Dave Rawlings: Harmonic Monster
This crosspicking dazzler is one half of the finely tuned guitar machine created in tandem with Gillian Welch.
Ghosts glide and whisper everywhere in the music of David Rawlings and Gillian Welch. And it’s been that way since 1996, when the duo made the transition from respected Nashville songwriters to revered roots-music performers with Welch’s debut Revival. Through all their subsequent albums—five under Welch’s name and a pair, including the new Nashville Obsolete, under Rawlings’ solo nom de plume David Rawlings Machine—two things have remained constant: their twined voices and guitars, and those ghosts.
The spirits of the past have never been more present than they are in Nashville Obsolete’s “Bodysnatchers,” where Rawlings channels the Devil-obsessed Mississippi blues pioneer Skip James in his keening tenor singing. The spare pace of the guitars evokes the quiet of the plantation-era Delta at midnight. A moaning violin cuts the stillness between verses like a night bird crossing the moon, and the lyrics—filled with breath by the couple’s trademark close harmonies—spin a web of voodoo, soul-selling, and murder. If “Bodysnatchers” isn’t the perfect Southern Gothic creeper, it’s close.
But as fixated on sadness, loss, damnation, and missed opportunities as many of the Grammy-nominated duo’s compositions are, you’ll also find joy in these refracted tales from America’s past. The jig “Candy,” for one, grabs the sweet promise of life in a rural town just after World War II—a time when bluegrass was born from the melting pot of British and Appalachian folk music, blues, jazz, and chiming string bands.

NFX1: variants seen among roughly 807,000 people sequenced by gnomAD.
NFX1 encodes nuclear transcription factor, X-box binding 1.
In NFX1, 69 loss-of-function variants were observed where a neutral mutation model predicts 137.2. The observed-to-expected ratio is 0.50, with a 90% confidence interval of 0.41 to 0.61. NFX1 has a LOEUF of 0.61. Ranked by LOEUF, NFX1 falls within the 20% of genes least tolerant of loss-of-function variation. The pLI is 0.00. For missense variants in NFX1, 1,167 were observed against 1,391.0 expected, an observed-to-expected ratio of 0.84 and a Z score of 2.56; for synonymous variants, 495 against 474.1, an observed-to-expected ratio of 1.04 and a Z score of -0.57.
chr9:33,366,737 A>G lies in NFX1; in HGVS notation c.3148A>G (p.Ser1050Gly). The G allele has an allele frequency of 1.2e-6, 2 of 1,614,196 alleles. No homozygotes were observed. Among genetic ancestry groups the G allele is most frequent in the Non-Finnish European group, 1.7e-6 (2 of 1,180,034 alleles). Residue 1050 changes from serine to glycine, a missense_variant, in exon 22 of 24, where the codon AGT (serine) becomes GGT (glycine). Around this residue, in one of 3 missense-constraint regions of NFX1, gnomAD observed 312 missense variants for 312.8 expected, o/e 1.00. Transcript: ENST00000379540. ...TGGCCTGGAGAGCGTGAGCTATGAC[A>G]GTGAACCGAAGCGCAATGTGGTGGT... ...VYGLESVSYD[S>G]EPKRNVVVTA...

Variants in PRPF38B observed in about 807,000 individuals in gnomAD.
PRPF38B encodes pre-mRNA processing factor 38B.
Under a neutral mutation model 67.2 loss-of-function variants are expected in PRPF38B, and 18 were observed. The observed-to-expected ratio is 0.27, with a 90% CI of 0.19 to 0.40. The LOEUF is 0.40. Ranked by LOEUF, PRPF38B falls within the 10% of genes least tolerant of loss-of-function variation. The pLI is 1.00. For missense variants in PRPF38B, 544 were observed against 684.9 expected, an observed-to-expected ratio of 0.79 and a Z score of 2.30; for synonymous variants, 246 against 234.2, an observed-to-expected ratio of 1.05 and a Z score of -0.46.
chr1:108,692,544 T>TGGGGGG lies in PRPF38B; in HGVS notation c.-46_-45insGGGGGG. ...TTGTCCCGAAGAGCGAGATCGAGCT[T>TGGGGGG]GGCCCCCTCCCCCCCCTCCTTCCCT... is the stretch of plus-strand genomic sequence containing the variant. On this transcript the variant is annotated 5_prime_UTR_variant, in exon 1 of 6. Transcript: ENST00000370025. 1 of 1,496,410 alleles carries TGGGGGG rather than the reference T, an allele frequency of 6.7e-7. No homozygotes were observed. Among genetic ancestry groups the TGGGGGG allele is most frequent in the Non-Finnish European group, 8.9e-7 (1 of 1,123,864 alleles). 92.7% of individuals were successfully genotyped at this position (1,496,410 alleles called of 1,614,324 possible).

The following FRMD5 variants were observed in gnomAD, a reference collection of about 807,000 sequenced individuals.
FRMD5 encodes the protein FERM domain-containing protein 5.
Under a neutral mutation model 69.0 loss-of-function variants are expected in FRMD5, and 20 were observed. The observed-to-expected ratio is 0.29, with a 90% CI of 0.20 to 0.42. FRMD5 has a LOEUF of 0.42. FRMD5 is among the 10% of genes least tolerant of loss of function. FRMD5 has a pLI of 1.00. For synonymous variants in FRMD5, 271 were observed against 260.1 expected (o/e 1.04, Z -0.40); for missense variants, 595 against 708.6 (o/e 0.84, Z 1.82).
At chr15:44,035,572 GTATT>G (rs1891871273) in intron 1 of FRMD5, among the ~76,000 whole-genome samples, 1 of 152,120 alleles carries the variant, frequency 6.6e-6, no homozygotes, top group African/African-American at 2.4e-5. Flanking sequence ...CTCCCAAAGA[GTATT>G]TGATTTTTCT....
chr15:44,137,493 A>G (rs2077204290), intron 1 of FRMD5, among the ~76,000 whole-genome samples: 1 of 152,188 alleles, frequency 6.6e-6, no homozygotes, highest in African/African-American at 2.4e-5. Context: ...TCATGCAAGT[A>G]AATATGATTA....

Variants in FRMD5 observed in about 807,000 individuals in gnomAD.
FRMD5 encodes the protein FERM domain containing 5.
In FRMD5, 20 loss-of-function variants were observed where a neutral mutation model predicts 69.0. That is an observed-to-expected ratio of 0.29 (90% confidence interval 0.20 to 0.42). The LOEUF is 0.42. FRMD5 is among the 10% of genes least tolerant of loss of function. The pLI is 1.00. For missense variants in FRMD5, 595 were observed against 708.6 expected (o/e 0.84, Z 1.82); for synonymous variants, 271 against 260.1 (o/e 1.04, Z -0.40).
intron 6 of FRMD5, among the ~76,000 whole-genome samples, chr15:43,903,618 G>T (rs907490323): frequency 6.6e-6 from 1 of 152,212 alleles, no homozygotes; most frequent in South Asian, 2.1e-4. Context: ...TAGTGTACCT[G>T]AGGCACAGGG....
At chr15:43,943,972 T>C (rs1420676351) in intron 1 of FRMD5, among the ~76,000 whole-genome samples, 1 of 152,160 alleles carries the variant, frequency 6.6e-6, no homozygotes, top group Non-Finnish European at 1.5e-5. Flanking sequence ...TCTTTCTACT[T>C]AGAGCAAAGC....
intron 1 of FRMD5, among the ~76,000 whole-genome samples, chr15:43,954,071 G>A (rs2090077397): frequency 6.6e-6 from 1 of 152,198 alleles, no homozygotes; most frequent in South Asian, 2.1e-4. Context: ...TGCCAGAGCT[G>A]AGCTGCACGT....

Rawlings and Welch first crossed dusty paths as students at Boston’s Berklee College of Music, where they formed their songwriting, performing, and romantic partnership after meeting at an audition for the school’s only country band. Born in the small colonial town of North Smithfield, Rhode Island, Rawlings fell under country’s spell in the ’70s.
“That music invaded the AM and FM radio stations to some degree, so I heard story songs and country songs since the time I was 3 years old,” he says. “I remember hearing Jim Croce, and Kenny Rogers with ‘The Gambler.’ Those songs came out of the American folk music tradition. I’m also sure that as a kid I heard ‘John Henry’ somewhere. Songs like that pulled me in.”
So did the guitarists who played them. But unlike many 6-string-fixated Berklee students, Rawlings developed a highly personal sonic perspective. The subtleties of jazz hornmen Miles Davis and Chet Baker stoked an interest in unusual intervals and subtle dissonant touches that enliven harmonies. And his guitar instructor, Lauren Passerelli, helped Rawlings bare the secrets of the mountainous multi-tracked tones of the Smiths’ Johnny Marr, another of Rawlings’ heroes.
Guitarist David Rawlings met his musical and life partner, Gillian Welch, when they were students at
Berklee College of Music. Photo by Henry Diltz
That opened Rawlings up to the world of textural music informed by harmony. And that world is where he and Welch have resided ever since. It’s the key to the rich vistas their blend of voices and guitars paints on Nashville Obsolete and elsewhere.
“I think of myself as an arranger who happens to play guitar enough that I have passable technique,” Rawlings allows. “The blend of Gillian’s guitar and my guitar is an arrangement in itself. My guitar playing is built to work with her guitar playing. Without her, I don’t know what you’d have left of me. If I started working with a different guitarist, I’d probably have to change my own playing to make it fit.”